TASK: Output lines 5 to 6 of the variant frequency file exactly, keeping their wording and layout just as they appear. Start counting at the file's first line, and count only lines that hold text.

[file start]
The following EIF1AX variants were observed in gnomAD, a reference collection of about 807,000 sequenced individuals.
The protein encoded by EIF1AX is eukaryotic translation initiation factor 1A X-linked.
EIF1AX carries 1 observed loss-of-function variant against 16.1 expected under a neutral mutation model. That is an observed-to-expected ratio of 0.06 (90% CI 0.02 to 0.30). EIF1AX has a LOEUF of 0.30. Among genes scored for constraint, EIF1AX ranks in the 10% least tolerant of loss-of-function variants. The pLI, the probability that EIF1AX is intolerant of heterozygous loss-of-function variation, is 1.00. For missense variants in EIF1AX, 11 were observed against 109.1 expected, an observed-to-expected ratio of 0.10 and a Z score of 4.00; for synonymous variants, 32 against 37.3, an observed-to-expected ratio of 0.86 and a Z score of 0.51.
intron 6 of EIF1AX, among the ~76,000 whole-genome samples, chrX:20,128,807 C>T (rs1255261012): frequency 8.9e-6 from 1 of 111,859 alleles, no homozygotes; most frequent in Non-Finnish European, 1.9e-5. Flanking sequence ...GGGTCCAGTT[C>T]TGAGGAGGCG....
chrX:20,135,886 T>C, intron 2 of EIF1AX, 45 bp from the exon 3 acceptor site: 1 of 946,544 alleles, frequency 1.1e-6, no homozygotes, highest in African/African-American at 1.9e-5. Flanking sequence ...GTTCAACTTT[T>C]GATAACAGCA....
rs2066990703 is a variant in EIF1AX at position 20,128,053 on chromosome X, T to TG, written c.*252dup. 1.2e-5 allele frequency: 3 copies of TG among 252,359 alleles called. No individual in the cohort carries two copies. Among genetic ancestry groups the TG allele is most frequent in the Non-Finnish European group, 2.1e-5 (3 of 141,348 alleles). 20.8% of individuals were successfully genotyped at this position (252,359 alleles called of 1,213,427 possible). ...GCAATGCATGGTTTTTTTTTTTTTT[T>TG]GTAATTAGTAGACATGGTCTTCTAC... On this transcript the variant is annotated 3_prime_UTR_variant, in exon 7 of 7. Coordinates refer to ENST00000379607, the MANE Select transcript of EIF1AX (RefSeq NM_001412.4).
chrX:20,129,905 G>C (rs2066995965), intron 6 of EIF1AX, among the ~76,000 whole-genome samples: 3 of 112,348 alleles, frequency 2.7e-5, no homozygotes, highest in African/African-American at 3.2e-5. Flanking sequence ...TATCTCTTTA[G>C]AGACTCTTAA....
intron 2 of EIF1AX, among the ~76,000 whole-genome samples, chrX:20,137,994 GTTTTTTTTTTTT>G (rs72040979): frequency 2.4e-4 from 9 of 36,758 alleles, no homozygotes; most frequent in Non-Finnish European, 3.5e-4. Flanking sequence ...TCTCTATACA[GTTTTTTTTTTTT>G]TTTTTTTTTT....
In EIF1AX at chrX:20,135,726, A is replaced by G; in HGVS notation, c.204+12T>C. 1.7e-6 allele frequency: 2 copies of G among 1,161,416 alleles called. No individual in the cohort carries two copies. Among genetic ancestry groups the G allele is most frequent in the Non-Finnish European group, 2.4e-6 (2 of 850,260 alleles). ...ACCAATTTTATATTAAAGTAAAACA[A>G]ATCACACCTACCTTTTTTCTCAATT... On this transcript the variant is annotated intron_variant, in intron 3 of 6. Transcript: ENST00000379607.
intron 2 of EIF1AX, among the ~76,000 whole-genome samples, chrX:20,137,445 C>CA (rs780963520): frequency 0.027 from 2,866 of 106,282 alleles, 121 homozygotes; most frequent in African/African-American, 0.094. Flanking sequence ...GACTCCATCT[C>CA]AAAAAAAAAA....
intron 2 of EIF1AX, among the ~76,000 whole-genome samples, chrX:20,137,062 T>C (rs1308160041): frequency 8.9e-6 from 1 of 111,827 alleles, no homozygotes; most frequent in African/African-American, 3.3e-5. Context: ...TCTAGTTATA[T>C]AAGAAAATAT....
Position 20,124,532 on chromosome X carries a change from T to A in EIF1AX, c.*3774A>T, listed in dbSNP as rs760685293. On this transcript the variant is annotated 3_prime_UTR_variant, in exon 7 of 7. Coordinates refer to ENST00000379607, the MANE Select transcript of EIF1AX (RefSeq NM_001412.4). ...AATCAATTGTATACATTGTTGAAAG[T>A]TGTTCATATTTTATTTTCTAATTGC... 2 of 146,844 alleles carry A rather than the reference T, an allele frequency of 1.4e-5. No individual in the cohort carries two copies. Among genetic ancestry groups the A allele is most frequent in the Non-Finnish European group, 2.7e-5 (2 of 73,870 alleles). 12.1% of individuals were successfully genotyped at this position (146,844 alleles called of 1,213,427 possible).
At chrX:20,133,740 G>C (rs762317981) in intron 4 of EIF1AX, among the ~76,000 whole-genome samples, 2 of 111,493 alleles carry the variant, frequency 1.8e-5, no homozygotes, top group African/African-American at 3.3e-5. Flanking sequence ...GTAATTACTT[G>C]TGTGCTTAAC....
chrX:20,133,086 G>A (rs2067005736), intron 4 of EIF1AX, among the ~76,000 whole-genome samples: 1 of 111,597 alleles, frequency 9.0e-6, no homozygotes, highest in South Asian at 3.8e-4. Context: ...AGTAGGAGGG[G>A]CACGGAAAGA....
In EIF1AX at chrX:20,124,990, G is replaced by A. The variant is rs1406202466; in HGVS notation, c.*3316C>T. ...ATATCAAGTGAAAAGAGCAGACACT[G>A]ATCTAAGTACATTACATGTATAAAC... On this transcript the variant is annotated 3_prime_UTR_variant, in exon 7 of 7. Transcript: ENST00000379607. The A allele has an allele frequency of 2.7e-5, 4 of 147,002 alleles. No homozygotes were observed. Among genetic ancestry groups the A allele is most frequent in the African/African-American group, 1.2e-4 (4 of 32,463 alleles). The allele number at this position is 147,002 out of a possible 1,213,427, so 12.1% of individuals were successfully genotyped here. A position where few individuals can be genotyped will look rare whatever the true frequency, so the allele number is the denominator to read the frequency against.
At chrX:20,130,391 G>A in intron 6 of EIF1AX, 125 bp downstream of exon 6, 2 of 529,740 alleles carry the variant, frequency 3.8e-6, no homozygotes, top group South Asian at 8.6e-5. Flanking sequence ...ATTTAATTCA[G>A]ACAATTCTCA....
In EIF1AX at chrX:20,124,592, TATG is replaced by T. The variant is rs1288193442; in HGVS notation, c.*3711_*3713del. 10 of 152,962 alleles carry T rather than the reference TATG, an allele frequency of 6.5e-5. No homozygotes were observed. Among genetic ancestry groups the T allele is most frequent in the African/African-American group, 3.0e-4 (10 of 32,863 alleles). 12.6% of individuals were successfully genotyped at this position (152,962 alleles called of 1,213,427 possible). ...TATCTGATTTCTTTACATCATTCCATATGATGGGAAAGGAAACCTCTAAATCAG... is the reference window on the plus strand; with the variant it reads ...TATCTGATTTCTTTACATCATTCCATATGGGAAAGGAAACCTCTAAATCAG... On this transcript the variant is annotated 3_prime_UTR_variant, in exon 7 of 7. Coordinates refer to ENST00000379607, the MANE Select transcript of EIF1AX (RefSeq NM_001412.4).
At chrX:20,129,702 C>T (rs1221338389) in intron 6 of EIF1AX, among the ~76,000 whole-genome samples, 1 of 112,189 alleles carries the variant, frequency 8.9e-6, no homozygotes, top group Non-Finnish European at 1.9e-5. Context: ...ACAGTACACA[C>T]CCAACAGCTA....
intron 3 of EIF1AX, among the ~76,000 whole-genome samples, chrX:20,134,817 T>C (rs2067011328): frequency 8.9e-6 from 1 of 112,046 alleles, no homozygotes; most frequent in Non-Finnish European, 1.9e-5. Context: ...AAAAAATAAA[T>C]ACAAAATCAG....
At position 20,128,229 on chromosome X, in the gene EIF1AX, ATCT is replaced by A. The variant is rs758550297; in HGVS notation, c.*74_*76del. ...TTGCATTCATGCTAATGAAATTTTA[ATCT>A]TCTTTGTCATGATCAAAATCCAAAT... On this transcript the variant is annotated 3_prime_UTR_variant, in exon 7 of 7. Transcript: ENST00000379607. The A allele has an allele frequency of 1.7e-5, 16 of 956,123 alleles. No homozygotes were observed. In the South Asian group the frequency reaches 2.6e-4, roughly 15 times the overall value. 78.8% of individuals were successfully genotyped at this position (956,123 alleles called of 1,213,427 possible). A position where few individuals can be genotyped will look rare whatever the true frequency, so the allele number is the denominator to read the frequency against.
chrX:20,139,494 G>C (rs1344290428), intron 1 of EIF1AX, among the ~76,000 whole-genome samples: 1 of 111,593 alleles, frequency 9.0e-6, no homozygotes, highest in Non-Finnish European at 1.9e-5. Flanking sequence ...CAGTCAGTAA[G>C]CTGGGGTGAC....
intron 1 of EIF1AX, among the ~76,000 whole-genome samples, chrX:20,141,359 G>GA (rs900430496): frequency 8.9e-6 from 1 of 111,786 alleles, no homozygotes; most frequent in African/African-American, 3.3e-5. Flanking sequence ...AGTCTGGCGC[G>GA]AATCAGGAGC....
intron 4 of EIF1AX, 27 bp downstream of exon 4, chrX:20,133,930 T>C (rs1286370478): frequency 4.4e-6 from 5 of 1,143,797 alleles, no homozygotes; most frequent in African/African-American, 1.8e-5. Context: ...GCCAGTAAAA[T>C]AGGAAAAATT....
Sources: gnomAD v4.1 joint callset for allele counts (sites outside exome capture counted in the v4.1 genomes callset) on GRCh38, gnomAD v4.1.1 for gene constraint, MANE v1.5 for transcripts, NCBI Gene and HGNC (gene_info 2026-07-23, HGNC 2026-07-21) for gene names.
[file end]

chrX:20,135,886 T>C, intron 2 of EIF1AX, 45 bp from the exon 3 acceptor site: 1 of 946,544 alleles, frequency 1.1e-6, no homozygotes, highest in African/African-American at 1.9e-5. Flanking sequence ...GTTCAACTTT[T>C]GATAACAGCA....
rs2066990703 is a variant in EIF1AX at position 20,128,053 on chromosome X, T to TG, written c.*252dup. 1.2e-5 allele frequency: 3 copies of TG among 252,359 alleles called. No individual in the cohort carries two copies. Among genetic ancestry groups the TG allele is most frequent in the Non-Finnish European group, 2.1e-5 (3 of 141,348 alleles). 20.8% of individuals were successfully genotyped at this position (252,359 alleles called of 1,213,427 possible). ...GCAATGCATGGTTTTTTTTTTTTTT[T>TG]GTAATTAGTAGACATGGTCTTCTAC... On this transcript the variant is annotated 3_prime_UTR_variant, in exon 7 of 7. Coordinates refer to ENST00000379607, the MANE Select transcript of EIF1AX (RefSeq NM_001412.4).